From superstar Alkinoos Ioannides to Dimitris Basis, the 34th Greek Festival of Sydney will inspire, amaze and entertain. Starting with Greek Fest at Darling Harbour, clear the diaries for another wonderful season of Greek culture.
Taking over the Darling Harbour Precinct on 27 and 28 February, the much-anticipated event is guaranteed to please. Last year almost 80,000 people attended the Fest, and not all of them were Greek! With free entertainment across two stages, delicious Greek street food, a pop-up bar, mandolato (Greek nougat) cooking demonstration, traditional performances and much more to delight the Greek as well as the broader community.
The festival hosts an international performer each year for a free concert in the evening to close the Fest at Tumbalong Park. Artists who have performed previously include Eleftheria Arvanitaki, Haris Alexiou, Glykeria, Dimitra Galani, Alkistis Protopsaltis and Mihalis Hatzigiannis.
Joining this illustrious list is multi-platinum, Cypriot-born artist Alkinoos Ioannides.
From the 1993 album ‘Stin Agora Tou Kosmou’ to his 2014 offering ‘Mikri Valitsa’, Ioannides has developed a repertoire that combines electric music with chamber orchestras and rock bands with choirs, all deriving from his Greek and Middle Eastern influences. He will be joined on stage by Yiorgos Kaloudis (cello and Cretan lyra), Dimitrios Chatzizisis (violin), Dimitris Tsekouras (double bass) and Manolis Pappos (bouzouki), delivering a soul-moving program appealing to many musical tastes.
“I’m honoured to be invited to perform at this huge Greek festival and can’t wait to get back to Australia, although it will be my first time visiting Sydney. It’s heartening to see how popular Greek culture is in a country more than 8,000 miles from Europe; the Greek Community should be proud of its role in this achievement,” said Ioannides.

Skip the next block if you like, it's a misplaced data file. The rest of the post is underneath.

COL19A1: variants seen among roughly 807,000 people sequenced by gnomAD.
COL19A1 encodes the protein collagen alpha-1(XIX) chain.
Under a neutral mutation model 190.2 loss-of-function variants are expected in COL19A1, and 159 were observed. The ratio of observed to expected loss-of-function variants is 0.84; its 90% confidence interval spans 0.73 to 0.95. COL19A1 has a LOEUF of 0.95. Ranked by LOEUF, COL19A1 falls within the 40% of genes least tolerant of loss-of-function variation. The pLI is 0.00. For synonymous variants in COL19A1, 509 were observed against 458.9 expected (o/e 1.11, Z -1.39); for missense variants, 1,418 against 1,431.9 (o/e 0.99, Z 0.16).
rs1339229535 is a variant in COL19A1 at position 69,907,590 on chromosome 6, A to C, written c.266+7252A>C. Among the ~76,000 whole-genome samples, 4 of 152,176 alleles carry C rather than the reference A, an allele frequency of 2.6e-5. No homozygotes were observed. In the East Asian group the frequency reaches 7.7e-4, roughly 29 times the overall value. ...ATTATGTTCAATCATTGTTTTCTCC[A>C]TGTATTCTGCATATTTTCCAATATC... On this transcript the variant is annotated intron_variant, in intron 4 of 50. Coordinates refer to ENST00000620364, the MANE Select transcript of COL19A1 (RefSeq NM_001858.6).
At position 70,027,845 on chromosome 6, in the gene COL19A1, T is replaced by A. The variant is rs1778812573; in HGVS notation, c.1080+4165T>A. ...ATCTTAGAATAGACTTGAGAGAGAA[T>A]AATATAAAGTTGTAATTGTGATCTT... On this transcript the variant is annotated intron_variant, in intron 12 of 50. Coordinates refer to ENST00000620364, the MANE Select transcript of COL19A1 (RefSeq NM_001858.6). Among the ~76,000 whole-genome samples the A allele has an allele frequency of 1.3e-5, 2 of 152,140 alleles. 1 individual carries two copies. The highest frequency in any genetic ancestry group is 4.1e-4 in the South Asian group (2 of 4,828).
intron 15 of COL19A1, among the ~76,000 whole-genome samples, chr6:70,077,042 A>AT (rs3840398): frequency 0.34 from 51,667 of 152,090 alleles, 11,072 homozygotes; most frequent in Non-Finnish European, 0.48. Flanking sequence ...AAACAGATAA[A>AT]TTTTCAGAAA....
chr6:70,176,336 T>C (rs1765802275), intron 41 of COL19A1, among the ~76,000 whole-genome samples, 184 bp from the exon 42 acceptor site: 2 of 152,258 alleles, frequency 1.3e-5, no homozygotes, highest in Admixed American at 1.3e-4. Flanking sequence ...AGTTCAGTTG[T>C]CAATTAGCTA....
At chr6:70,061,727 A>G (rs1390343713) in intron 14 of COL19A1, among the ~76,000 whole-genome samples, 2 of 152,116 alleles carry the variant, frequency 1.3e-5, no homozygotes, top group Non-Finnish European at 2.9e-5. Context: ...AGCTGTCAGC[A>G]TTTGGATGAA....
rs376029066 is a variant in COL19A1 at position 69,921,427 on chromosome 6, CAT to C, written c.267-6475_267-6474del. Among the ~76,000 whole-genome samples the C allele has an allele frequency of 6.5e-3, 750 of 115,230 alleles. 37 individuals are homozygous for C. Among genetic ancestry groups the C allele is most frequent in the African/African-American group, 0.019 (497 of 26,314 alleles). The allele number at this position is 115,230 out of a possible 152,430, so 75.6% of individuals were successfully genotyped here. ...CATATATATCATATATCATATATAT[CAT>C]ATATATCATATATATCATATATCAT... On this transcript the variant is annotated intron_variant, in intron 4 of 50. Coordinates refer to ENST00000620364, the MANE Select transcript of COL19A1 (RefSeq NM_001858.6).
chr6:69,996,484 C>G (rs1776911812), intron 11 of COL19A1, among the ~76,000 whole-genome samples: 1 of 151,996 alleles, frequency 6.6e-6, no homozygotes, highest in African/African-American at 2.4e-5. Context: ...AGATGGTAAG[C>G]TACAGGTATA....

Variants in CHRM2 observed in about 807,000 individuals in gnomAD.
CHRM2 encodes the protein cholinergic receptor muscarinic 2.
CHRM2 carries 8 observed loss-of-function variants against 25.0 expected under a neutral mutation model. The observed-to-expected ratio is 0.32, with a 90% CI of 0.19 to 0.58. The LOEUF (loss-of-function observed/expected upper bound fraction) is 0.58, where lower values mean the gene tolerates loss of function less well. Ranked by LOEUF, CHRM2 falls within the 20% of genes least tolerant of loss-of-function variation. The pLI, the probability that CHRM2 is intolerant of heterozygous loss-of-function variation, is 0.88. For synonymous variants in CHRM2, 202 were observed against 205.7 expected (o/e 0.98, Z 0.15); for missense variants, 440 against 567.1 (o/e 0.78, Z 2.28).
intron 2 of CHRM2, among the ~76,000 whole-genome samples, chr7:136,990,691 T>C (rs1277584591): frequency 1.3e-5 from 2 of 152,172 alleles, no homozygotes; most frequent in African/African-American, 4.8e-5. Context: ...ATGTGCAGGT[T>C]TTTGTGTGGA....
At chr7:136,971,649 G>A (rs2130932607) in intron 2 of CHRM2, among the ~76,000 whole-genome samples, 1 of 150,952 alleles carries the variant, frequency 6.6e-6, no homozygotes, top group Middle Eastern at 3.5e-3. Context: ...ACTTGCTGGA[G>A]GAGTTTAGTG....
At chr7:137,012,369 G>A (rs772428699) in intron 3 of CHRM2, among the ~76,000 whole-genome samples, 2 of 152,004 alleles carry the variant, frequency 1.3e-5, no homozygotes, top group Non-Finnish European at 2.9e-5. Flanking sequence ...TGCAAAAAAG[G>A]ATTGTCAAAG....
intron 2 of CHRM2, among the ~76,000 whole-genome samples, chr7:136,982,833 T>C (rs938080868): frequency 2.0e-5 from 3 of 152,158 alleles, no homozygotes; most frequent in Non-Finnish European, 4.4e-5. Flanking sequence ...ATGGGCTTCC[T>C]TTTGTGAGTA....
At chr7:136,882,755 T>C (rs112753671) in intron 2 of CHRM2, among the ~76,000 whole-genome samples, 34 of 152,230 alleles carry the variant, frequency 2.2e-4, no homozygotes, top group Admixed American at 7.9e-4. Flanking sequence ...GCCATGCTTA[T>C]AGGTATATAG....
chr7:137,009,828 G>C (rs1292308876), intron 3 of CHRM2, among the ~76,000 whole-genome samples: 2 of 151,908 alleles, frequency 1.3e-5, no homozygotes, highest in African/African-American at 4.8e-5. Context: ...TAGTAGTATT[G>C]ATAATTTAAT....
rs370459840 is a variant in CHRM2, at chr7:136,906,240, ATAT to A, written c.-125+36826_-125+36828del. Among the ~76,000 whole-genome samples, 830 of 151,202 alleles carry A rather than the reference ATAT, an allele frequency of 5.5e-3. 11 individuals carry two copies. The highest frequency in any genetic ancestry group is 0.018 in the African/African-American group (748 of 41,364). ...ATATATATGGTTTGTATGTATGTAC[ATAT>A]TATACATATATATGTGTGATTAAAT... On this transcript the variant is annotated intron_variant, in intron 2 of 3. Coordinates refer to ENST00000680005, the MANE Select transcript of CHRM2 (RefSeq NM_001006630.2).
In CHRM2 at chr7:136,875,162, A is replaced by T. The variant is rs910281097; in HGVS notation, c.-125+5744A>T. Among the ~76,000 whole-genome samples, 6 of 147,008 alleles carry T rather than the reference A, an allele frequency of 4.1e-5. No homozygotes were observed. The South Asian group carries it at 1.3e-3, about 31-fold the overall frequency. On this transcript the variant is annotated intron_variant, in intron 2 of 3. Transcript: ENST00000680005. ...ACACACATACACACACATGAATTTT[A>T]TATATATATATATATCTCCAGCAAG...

Chair of the Greek Festival of Sydney Nia Karteris told Neos Kosmos, “we are delighted to have for the very first time in Sydney this unique performer with a unique voice. The festival continues to push the boundaries, showcasing the highest calibre of Greek cultural music.”
The Greek Festival of Sydney is a Greek Orthodox Community of New South Wales event and one that is eagerly anticipated on the cultural calendar.
As we start to nudge the four decade mark of the festival, I asked Nia what the festival means to the Community. She told me that it’s the “ability to promote our heritage, culture and language, not only over the course of 34 years, but also over the last 118 years since the establishment of the Greek Community”. She made it clear how proud she is that every generation has a different interpretation of Greek culture. She also told me of her disappointment with the “lack of acknowledgement by the NSW government in relation to funding for such a significant cultural festival”. Indeed, this is a hurdle that the state as well as federal government should address to ensure the growth of cultural events in NSW in the long term.